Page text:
Carol Martin has lived in Silver City full time since 2013. She has worked for California State Parks and the National Park Service with habitat restoration inSan Diego coastal environments. Her interests include native plants, gardening, hiking, and sharing the Continental Divide Trail with friends. Since 2010, Carol has been part of a team monitoring a tracking transect in the Burro Mountains for Sky Island Alliance.
Dave Menzie is a Professional Geologist. For 18 years, he was a Mining/Geological Engineering Specialist with the New Mexico Environment Department Surface Water Quality Bureau Watershed Protection Section in Silver City. In his retirement, Dave is the Quality Assurance Officer for the Silver City Watershed Keepers. He usually carries at least one rock in his pocket.
Linda Moore Lee
Linda retired from the Smithsonian Institution’s National Zoological Park after 30 years as a biologist working directly with the animals. She volunteered her time banding and rehabilitating raptors while in the East, and currently works as a fi eld biologist during the summer months conducting surveys of Southwestern willow flycatchers, yellow-billed cuckoos, and common blackhawks in the Gila River Valley.
Steve Morgan is a naturalist, educator, and landscape architect focused on retaining and recreating natural habitat. He has called the wilds of the Southwest his home for 44 years.
Patrice Mutchnick, MS, is a botanist, educator, and founder of the organization, Heart of the Gila. Patrice has worked in the forests of New England, Washington, Guatemala and Guayana, South America. Her work in the Gila since 2006 has focused on the conservation of rare and sensitive plant species. Patrice manages a data collection program for Monarch Butterfly migration in the Gila as part of the Butterfly Way Restoration Project and recently worked as biologist with a tamarisk eradication effort in the Gila Wilderness. She resides in the village of Gila Hot Springs, at the headwaters of the Gila River.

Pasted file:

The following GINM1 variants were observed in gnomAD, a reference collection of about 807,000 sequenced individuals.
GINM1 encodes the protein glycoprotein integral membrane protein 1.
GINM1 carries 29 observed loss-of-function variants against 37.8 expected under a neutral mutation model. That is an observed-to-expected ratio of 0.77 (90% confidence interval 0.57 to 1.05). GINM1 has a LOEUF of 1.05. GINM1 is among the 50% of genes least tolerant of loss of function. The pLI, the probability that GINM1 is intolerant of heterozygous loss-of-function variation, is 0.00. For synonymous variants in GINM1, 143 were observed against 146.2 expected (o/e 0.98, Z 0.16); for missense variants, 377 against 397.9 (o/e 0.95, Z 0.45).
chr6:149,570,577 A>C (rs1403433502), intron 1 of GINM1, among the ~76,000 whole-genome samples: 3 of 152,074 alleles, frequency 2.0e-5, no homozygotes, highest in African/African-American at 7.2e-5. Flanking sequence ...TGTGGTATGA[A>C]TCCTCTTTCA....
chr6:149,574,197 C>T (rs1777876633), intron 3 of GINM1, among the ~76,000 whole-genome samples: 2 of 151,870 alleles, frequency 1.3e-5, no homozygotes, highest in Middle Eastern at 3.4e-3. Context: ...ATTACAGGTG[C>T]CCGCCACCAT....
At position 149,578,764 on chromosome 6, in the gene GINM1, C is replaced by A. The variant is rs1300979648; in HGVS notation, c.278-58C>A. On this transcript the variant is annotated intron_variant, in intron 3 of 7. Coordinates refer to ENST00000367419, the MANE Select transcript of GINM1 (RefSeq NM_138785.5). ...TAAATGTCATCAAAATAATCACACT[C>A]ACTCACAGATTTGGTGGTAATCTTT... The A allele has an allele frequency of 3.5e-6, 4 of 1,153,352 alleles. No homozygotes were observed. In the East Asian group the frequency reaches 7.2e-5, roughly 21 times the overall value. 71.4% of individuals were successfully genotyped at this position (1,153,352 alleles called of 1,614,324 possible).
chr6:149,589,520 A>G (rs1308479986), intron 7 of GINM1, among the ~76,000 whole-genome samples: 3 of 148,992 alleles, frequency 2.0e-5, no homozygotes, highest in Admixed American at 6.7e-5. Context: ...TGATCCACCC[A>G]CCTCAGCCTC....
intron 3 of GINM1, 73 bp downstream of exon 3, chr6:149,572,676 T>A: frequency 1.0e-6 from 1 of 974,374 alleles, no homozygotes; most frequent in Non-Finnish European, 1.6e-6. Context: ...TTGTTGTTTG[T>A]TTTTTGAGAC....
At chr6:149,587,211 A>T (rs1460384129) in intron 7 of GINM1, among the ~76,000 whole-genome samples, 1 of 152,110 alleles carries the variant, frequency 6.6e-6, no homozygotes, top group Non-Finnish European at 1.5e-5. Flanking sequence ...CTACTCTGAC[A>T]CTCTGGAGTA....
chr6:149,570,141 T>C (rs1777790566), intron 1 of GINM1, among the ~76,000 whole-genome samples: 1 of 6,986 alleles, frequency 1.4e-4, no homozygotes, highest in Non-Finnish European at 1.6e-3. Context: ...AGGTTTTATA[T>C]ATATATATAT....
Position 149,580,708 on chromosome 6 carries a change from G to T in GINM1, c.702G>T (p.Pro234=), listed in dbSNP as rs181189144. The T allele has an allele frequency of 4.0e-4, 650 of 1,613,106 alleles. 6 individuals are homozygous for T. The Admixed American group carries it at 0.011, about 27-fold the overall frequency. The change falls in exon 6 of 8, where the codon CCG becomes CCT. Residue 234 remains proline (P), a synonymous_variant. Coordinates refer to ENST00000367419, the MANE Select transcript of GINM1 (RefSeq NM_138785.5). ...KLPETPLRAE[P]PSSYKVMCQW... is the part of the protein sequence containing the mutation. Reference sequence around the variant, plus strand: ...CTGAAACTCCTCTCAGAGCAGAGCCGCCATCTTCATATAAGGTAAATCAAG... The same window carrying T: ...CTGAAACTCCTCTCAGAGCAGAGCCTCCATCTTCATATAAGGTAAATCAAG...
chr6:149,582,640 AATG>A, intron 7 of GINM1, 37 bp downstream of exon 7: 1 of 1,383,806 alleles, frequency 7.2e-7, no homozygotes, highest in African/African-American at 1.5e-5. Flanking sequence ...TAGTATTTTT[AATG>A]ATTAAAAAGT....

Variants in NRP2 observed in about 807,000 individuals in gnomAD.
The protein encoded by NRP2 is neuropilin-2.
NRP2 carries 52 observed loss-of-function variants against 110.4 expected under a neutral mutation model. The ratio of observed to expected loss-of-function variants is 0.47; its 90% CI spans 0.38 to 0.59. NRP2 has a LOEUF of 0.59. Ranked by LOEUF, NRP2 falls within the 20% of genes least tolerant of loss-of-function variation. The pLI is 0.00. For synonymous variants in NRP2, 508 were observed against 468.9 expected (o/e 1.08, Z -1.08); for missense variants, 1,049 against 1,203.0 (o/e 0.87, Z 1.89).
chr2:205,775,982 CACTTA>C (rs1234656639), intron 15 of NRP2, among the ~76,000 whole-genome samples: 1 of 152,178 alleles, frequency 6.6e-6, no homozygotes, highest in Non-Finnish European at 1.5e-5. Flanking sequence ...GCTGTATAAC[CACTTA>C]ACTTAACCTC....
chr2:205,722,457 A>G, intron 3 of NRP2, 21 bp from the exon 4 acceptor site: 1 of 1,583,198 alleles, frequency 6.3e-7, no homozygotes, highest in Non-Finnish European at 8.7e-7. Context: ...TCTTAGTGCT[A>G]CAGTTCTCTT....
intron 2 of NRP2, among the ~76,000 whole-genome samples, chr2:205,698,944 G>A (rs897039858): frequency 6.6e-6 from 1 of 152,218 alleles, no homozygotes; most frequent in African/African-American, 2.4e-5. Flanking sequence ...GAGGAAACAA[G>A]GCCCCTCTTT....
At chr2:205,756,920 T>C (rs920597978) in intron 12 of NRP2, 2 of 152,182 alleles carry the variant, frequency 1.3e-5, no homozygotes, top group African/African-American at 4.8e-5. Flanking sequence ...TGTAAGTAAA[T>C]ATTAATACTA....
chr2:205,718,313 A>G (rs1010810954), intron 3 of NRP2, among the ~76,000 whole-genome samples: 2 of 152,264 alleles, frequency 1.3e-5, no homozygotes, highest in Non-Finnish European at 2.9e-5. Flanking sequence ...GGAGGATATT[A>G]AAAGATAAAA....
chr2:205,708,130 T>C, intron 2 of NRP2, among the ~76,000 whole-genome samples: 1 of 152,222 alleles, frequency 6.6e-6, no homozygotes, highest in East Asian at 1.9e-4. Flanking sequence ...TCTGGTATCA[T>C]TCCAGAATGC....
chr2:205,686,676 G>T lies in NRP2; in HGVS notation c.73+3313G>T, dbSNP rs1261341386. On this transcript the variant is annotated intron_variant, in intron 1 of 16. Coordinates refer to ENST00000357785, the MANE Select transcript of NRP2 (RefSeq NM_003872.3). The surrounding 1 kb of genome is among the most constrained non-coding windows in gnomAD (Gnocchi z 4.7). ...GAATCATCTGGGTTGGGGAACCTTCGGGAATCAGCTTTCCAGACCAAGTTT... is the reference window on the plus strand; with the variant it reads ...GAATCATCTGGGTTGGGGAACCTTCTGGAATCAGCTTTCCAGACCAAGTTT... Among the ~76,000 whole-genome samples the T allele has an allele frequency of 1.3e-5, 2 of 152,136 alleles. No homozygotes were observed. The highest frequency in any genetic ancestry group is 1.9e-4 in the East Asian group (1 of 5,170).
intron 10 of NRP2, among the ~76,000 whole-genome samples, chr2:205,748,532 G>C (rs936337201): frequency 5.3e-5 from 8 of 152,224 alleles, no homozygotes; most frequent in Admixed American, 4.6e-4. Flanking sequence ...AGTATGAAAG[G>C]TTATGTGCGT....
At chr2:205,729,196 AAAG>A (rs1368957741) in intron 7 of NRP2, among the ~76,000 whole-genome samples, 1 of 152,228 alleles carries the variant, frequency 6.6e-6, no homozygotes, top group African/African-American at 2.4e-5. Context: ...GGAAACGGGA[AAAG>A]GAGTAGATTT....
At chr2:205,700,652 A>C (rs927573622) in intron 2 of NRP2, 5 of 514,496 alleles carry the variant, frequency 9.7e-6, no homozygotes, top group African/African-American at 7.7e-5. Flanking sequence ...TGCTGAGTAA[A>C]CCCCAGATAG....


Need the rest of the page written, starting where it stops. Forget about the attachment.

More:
.Nathan Newcomer began working with New Mexico Wild (New Mexico Wilderness Alliance) in 2002. He is currently the Gila Grassroots Organizer for NM Wild and has 16 years of experience working on wilderness campaigns in the state. A fifth generation New Mexican, Newcomer is no newcomer.
Adrian Oglesby has worked as a water attorney for many years. He has focused on river and riparian restoration, agricultural preservation, efficient water management, governmental accountability, and fish and wildlife conservation. He has advised irrigation districts, acequias, pueblo and tribal governments, the New Mexico Interstate Stream Commission, farmers, environmental organizations and local water providers. He is currently the Director of the Utton Transboundary Resources Center at the UNM School of Law.
Tim Palmer is the award winning author and photographer of 26 books and has been the featured speaker at annual conferences of dozens of national, statewide, and local river conservation groups, plus professional water resource organizations, colleges, and universities. He has canoed or rafted on 400 rivers nationwide and was named one of the ten greatest river conservationists of our time and one of the 100 great paddlers of the century by Paddler magazine. See Tim's work at www.timpalmer.org.